It’s actually quite a large and interesting site to visit. I arrived before dawn and had a full day to explore the area. On a different day, I had spent a few frustrating hours looking for the Javelin and left empty-handed even though the map included a lot of measurements. This time the search was a easier. It just needs a little patience and some methodical accuracy.
I used a map created by player G-Wave. His map used one orbital marker and two surface reference points to complete the description. It was night time on Daymar, but once I had
Before leaving I revised the map reference measurements by a fraction of a kilometer from an altitude of 500m.
I don’t know if the orbital markers (OM) are intended to stay geosynchronous but they are at the moment and wouldn’t be much use if they weren’t. You should be able to use OM-3 to start, as the original map author and I did. There was a time separation of 50 days between our two visits but OM-3 was still the right choice.
If you have any problems with OM-3, simply pick a different marker that is closer to the two ground references. Once you are oriented correctly with respect to the ground references it doesn’t matter so much which orbital marker you start from. You do need to ensure your starting point on the surface is on the correct side of the centre-line between the two surface markers.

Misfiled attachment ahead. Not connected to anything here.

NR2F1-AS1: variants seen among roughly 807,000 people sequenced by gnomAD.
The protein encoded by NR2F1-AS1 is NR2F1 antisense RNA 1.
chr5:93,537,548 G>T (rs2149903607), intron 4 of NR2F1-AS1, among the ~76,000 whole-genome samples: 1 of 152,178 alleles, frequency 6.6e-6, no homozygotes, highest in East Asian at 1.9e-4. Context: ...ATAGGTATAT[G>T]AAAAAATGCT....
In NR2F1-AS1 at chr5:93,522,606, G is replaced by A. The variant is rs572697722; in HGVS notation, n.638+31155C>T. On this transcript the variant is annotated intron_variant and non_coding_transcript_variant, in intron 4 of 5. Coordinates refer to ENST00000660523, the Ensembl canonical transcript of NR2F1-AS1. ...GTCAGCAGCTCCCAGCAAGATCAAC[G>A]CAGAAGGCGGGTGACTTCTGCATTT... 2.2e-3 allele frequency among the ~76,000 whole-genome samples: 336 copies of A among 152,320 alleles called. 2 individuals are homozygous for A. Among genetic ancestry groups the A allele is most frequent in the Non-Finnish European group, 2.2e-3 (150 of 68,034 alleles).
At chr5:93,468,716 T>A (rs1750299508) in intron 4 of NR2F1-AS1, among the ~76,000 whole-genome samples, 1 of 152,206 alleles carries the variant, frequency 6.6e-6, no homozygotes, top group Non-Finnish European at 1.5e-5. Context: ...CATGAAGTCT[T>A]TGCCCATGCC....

- Go to Daymar
- Go to OM-3
- Rotate your view of Daymar so that Dunlow Ridge is at the top and Arc Corp is at the bottom.
- Pick a point on Daymar’s surface to the left of centreline between Dunlow Ridge and Arc Corp. If in doubt, aim for further than you think you need. Its a lot easier to make adjustments as you come back because the surface markers will be in front of you.
- Adjust your ships offset from the reference points exactly.
- Go to an altitude of about 1000 meters to spot the Javelin.